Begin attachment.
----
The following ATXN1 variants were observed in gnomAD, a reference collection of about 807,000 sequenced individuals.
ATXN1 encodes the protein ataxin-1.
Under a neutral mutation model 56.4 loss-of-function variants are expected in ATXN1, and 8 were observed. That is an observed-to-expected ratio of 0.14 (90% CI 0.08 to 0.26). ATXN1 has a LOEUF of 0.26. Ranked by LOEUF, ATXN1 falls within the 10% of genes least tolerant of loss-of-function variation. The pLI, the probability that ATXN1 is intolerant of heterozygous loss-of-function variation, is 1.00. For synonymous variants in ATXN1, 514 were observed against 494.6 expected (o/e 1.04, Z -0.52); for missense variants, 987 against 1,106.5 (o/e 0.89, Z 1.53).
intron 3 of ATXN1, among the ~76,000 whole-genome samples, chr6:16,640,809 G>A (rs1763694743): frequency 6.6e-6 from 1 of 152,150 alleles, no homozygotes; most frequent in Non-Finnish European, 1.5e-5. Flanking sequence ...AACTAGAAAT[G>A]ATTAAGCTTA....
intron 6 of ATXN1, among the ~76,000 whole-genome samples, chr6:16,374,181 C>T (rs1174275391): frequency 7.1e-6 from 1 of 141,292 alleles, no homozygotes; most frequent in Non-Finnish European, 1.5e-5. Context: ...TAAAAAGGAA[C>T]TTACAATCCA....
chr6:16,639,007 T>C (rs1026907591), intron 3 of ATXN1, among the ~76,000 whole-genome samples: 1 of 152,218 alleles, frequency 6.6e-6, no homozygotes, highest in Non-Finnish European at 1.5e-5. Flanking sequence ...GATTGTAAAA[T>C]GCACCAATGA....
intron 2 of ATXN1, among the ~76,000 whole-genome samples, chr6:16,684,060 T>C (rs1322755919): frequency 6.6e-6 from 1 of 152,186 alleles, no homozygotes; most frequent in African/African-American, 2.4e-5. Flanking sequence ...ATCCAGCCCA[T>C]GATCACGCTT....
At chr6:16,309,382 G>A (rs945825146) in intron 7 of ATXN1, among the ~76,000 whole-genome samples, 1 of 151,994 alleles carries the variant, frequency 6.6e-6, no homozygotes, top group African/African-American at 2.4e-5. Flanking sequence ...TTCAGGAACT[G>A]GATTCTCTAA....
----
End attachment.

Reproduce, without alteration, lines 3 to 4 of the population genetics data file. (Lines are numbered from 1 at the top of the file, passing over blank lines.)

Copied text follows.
Under a neutral mutation model 56.4 loss-of-function variants are expected in ATXN1, and 8 were observed. That is an observed-to-expected ratio of 0.14 (90% CI 0.08 to 0.26). ATXN1 has a LOEUF of 0.26. Ranked by LOEUF, ATXN1 falls within the 10% of genes least tolerant of loss-of-function variation. The pLI, the probability that ATXN1 is intolerant of heterozygous loss-of-function variation, is 1.00. For synonymous variants in ATXN1, 514 were observed against 494.6 expected (o/e 1.04, Z -0.52); for missense variants, 987 against 1,106.5 (o/e 0.89, Z 1.53).
intron 3 of ATXN1, among the ~76,000 whole-genome samples, chr6:16,640,809 G>A (rs1763694743): frequency 6.6e-6 from 1 of 152,150 alleles, no homozygotes; most frequent in Non-Finnish European, 1.5e-5. Flanking sequence ...AACTAGAAAT[G>A]ATTAAGCTTA....